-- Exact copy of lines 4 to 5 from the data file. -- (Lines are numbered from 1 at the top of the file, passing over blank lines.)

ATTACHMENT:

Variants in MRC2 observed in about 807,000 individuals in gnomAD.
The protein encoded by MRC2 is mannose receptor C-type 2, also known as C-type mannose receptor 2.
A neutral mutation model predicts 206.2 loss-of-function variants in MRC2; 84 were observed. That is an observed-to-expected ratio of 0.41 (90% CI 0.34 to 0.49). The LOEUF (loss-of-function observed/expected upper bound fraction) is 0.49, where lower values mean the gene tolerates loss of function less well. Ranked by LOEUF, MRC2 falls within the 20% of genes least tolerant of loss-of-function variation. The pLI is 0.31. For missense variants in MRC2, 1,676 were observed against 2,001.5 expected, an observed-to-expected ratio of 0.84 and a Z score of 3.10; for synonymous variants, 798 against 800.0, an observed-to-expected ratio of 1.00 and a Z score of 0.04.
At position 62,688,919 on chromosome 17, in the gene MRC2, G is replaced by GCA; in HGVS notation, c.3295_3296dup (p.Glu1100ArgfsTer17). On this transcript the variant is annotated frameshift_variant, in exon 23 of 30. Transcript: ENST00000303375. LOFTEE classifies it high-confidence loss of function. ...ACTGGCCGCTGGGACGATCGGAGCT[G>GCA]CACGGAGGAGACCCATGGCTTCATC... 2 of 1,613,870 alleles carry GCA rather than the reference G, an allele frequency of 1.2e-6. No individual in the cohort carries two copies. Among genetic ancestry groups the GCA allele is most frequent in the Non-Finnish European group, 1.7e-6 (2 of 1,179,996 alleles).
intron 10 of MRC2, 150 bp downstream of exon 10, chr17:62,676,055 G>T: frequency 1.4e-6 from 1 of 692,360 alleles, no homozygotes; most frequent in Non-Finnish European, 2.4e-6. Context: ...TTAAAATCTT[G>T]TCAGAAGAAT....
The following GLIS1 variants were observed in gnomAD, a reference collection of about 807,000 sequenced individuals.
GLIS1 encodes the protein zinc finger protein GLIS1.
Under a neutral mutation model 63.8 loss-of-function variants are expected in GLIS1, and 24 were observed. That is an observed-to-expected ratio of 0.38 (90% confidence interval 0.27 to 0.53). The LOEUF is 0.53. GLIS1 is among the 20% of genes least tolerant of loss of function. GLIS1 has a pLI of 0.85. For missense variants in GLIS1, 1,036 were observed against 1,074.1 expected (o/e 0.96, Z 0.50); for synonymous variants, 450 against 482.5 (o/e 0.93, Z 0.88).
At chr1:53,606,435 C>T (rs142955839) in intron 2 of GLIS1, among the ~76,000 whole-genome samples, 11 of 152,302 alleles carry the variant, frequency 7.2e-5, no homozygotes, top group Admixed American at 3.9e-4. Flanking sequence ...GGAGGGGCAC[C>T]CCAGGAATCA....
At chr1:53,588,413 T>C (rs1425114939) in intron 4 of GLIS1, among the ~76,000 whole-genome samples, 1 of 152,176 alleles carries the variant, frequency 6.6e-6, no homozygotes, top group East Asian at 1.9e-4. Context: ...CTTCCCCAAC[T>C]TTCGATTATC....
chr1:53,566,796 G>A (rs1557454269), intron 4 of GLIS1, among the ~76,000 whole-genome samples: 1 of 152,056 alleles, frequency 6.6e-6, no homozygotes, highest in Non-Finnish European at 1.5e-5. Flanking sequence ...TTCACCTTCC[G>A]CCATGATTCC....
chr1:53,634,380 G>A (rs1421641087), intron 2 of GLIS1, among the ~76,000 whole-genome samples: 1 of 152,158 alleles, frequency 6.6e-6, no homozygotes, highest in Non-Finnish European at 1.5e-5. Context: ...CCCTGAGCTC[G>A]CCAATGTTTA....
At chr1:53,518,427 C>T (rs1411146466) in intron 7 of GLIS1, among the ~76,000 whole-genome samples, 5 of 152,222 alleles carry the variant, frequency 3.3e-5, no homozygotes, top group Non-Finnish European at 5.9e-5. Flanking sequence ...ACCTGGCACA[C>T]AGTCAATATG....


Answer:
At position 62,688,919 on chromosome 17, in the gene MRC2, G is replaced by GCA; in HGVS notation, c.3295_3296dup (p.Glu1100ArgfsTer17). On this transcript the variant is annotated frameshift_variant, in exon 23 of 30. Transcript: ENST00000303375. LOFTEE classifies it high-confidence loss of function. ...ACTGGCCGCTGGGACGATCGGAGCT[G>GCA]CACGGAGGAGACCCATGGCTTCATC... 2 of 1,613,870 alleles carry GCA rather than the reference G, an allele frequency of 1.2e-6. No individual in the cohort carries two copies. Among genetic ancestry groups the GCA allele is most frequent in the Non-Finnish European group, 1.7e-6 (2 of 1,179,996 alleles).
intron 10 of MRC2, 150 bp downstream of exon 10, chr17:62,676,055 G>T: frequency 1.4e-6 from 1 of 692,360 alleles, no homozygotes; most frequent in Non-Finnish European, 2.4e-6. Context: ...TTAAAATCTT[G>T]TCAGAAGAAT....